# Life’s Fractional Challenges: How to Solve Word Problems on Adding and Subtracting Fractions with Different Denominators

Everyday scenarios often involve fractions, and sometimes, these fractions have different denominators. Whether it's splitting a dessert, allocating time for activities, or measuring ingredients, understanding how to add and subtract these fractions is crucial.

In this post, we’ll tackle real-life word problems that involve adding and subtracting fractions with different denominators, guiding you through each solution.

## Step-by-step Guide:

**1. Decoding the Problem: **

Begin by reading the word problem thoroughly. Identify the fractions involved and their respective denominators.

**2. Visualizing the Scenario: **

Imagine the situation described in the problem. This visualization aids in understanding the problem and determining the required operation.

**3. Determining the Least Common Denominator (LCD): **

Identify the smallest number into which all the denominators can divide. This LCD ensures that the fractions are comparable.

**4. Adjusting the Fractions to the LCD:**

Modify each fraction so that they all have the LCD as their denominator.

**5. Performing the Operation: **

Depending on the problem, either add or subtract the numerators of the fractions to get the final answer.

### Example 1:

Jenny baked a cake and ate \(\frac{1}{4}\) of it on Monday. On Tuesday, she ate another \(\frac{1}{6}\) of the cake. How much of the cake is left?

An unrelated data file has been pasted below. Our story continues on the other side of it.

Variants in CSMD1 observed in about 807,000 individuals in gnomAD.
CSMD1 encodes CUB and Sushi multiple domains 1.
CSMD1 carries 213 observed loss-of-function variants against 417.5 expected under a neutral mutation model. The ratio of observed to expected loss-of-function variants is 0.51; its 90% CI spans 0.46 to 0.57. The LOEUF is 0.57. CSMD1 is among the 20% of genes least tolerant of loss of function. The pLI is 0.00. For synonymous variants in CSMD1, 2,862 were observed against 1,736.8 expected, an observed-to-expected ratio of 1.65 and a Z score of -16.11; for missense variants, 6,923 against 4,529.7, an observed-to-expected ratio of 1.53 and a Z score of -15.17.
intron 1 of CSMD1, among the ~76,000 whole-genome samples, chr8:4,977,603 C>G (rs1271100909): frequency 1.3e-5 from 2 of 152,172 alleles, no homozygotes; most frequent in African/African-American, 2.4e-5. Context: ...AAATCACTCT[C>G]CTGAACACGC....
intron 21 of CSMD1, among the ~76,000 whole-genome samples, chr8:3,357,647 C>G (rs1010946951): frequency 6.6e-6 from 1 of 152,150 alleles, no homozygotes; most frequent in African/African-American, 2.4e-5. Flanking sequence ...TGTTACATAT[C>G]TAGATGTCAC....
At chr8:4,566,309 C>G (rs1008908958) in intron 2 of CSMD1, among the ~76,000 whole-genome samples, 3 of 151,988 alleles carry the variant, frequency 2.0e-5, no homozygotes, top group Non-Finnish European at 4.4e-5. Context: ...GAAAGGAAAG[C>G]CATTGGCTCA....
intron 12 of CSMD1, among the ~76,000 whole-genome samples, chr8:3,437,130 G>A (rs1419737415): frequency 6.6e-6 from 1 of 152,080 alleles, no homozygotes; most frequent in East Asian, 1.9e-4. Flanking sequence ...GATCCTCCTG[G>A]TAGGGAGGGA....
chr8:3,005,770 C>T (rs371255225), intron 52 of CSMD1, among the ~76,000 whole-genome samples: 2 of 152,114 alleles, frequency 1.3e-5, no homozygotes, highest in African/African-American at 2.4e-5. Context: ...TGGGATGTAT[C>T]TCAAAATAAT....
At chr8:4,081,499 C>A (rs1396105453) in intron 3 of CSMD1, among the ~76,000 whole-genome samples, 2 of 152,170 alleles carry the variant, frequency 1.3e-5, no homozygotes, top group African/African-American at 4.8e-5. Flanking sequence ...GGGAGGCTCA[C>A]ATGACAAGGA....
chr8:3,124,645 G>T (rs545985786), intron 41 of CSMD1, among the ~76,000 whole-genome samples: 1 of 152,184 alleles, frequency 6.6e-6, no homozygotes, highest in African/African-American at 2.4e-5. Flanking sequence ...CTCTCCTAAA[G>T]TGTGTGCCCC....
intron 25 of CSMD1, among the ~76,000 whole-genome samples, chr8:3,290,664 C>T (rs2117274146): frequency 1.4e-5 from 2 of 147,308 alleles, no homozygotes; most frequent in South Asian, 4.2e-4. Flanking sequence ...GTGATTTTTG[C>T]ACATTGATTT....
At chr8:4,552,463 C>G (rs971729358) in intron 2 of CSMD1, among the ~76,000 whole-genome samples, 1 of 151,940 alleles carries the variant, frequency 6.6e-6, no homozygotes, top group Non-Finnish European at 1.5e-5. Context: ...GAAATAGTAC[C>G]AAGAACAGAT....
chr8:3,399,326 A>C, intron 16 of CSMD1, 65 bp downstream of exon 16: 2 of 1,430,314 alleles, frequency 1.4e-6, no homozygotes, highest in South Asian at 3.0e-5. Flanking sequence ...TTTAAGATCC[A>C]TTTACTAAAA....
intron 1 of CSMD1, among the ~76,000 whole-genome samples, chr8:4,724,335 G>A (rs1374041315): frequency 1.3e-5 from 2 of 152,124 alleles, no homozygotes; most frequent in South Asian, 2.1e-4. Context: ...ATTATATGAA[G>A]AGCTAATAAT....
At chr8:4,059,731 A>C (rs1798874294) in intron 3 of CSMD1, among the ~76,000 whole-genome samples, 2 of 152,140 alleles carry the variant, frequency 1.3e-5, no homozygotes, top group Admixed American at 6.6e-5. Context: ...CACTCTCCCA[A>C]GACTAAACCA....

**Solution: **

First, find the total fraction of the cake Jenny ate: \(\frac{1}{4} + \frac{1}{6}\). The LCD is 12. Adjusting the fractions:

– \(\frac{1}{4}\) becomes \(\frac{3}{12}\).

– \(\frac{1}{6}\) becomes \(\frac{2}{12}\).

Jenny ate \(\frac{5}{12}\) of the cake in total. Therefore, \(\frac{7}{12}\) of the cake is left.

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### Example 2:

Sam ran \(\frac{1}{3}\) of a marathon on the first day and \(\frac{1}{4}\) on the second day. How much of the marathon is still left for him to run?

**Solution:**

First, find the total fraction of the marathon Sam ran: \(\frac{1}{3} + \frac{1}{4}\). The LCD is 12. Adjusting the fractions:

– \(\frac{1}{3}\) becomes \(\frac{4}{12}\).

– \(\frac{1}{4}\) becomes \(\frac{3}{12}\).

Sam ran \(\frac{7}{12}\) of the marathon in total. Therefore, \(\frac{5}{12}\) of the marathon is still left.

### Practice Questions:

1. Lisa drank \(\frac{1}{5}\) of a juice bottle in the morning and \(\frac{1}{10}\) in the evening. How much juice is left in the bottle?

2. During a school trip, students spent \(\frac{2}{7}\) of the day at the zoo and \(\frac{1}{14}\) at the amusement park. How much of the day was spent on other activities?

3. Mike read \(\frac{3}{8}\) of a book on Monday and \(\frac{1}{4}\) on Tuesday. How much of the book has he not read yet?

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**Answers: **

1. \(\frac{7}{10}\)

2. \(\frac{5}{14}\)

3. \(\frac{3}{8}\)

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